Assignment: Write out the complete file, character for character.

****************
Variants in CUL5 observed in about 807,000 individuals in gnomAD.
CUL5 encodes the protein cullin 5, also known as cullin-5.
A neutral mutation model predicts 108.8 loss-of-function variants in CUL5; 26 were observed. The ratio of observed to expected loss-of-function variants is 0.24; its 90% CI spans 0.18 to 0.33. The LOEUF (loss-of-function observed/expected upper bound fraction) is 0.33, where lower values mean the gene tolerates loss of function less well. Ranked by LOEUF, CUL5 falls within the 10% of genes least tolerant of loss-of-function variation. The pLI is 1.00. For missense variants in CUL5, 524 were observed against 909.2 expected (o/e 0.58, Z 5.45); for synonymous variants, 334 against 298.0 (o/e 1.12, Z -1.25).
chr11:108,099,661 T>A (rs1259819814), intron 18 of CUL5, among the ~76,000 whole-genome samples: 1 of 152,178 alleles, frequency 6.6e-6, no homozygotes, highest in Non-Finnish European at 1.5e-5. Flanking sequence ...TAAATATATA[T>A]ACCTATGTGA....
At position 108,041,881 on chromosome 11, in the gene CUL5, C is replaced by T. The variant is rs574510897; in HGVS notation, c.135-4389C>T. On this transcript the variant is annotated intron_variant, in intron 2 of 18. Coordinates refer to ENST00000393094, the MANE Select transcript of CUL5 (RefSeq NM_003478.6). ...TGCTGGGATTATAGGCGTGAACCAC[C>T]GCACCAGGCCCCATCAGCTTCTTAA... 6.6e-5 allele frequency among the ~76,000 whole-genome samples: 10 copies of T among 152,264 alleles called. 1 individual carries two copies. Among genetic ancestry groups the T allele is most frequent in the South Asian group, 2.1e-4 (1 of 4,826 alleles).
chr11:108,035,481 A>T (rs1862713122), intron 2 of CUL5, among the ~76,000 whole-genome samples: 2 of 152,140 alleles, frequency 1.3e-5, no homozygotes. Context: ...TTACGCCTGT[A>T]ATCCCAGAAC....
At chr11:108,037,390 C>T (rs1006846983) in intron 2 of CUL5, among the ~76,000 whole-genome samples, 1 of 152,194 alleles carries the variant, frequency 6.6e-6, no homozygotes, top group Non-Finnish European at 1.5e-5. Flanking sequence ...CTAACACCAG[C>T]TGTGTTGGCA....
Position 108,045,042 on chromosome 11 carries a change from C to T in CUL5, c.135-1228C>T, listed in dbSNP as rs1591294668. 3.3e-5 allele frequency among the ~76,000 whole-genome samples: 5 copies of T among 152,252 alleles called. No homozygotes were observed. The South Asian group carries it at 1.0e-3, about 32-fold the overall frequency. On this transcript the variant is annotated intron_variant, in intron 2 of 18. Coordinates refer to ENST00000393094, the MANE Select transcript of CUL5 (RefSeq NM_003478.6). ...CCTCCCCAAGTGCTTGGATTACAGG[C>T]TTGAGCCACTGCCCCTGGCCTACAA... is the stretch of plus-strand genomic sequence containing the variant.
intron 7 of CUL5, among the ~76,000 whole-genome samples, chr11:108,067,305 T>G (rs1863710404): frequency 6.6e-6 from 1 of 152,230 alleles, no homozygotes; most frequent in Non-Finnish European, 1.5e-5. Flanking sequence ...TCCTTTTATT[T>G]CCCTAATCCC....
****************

Variants in CUL5 observed in about 807,000 individuals in gnomAD.
CUL5 encodes the protein cullin 5, also known as cullin-5.
A neutral mutation model predicts 108.8 loss-of-function variants in CUL5; 26 were observed. The ratio of observed to expected loss-of-function variants is 0.24; its 90% CI spans 0.18 to 0.33. The LOEUF (loss-of-function observed/expected upper bound fraction) is 0.33, where lower values mean the gene tolerates loss of function less well. Ranked by LOEUF, CUL5 falls within the 10% of genes least tolerant of loss-of-function variation. The pLI is 1.00. For missense variants in CUL5, 524 were observed against 909.2 expected (o/e 0.58, Z 5.45); for synonymous variants, 334 against 298.0 (o/e 1.12, Z -1.25).
chr11:108,099,661 T>A (rs1259819814), intron 18 of CUL5, among the ~76,000 whole-genome samples: 1 of 152,178 alleles, frequency 6.6e-6, no homozygotes, highest in Non-Finnish European at 1.5e-5. Flanking sequence ...TAAATATATA[T>A]ACCTATGTGA....
At position 108,041,881 on chromosome 11, in the gene CUL5, C is replaced by T. The variant is rs574510897; in HGVS notation, c.135-4389C>T. On this transcript the variant is annotated intron_variant, in intron 2 of 18. Coordinates refer to ENST00000393094, the MANE Select transcript of CUL5 (RefSeq NM_003478.6). ...TGCTGGGATTATAGGCGTGAACCAC[C>T]GCACCAGGCCCCATCAGCTTCTTAA... 6.6e-5 allele frequency among the ~76,000 whole-genome samples: 10 copies of T among 152,264 alleles called. 1 individual carries two copies. Among genetic ancestry groups the T allele is most frequent in the South Asian group, 2.1e-4 (1 of 4,826 alleles).
chr11:108,035,481 A>T (rs1862713122), intron 2 of CUL5, among the ~76,000 whole-genome samples: 2 of 152,140 alleles, frequency 1.3e-5, no homozygotes. Context: ...TTACGCCTGT[A>T]ATCCCAGAAC....
At chr11:108,037,390 C>T (rs1006846983) in intron 2 of CUL5, among the ~76,000 whole-genome samples, 1 of 152,194 alleles carries the variant, frequency 6.6e-6, no homozygotes, top group Non-Finnish European at 1.5e-5. Flanking sequence ...CTAACACCAG[C>T]TGTGTTGGCA....
Position 108,045,042 on chromosome 11 carries a change from C to T in CUL5, c.135-1228C>T, listed in dbSNP as rs1591294668. 3.3e-5 allele frequency among the ~76,000 whole-genome samples: 5 copies of T among 152,252 alleles called. No homozygotes were observed. The South Asian group carries it at 1.0e-3, about 32-fold the overall frequency. On this transcript the variant is annotated intron_variant, in intron 2 of 18. Coordinates refer to ENST00000393094, the MANE Select transcript of CUL5 (RefSeq NM_003478.6). ...CCTCCCCAAGTGCTTGGATTACAGG[C>T]TTGAGCCACTGCCCCTGGCCTACAA... is the stretch of plus-strand genomic sequence containing the variant.
intron 7 of CUL5, among the ~76,000 whole-genome samples, chr11:108,067,305 T>G (rs1863710404): frequency 6.6e-6 from 1 of 152,230 alleles, no homozygotes; most frequent in Non-Finnish European, 1.5e-5. Flanking sequence ...TCCTTTTATT[T>G]CCCTAATCCC....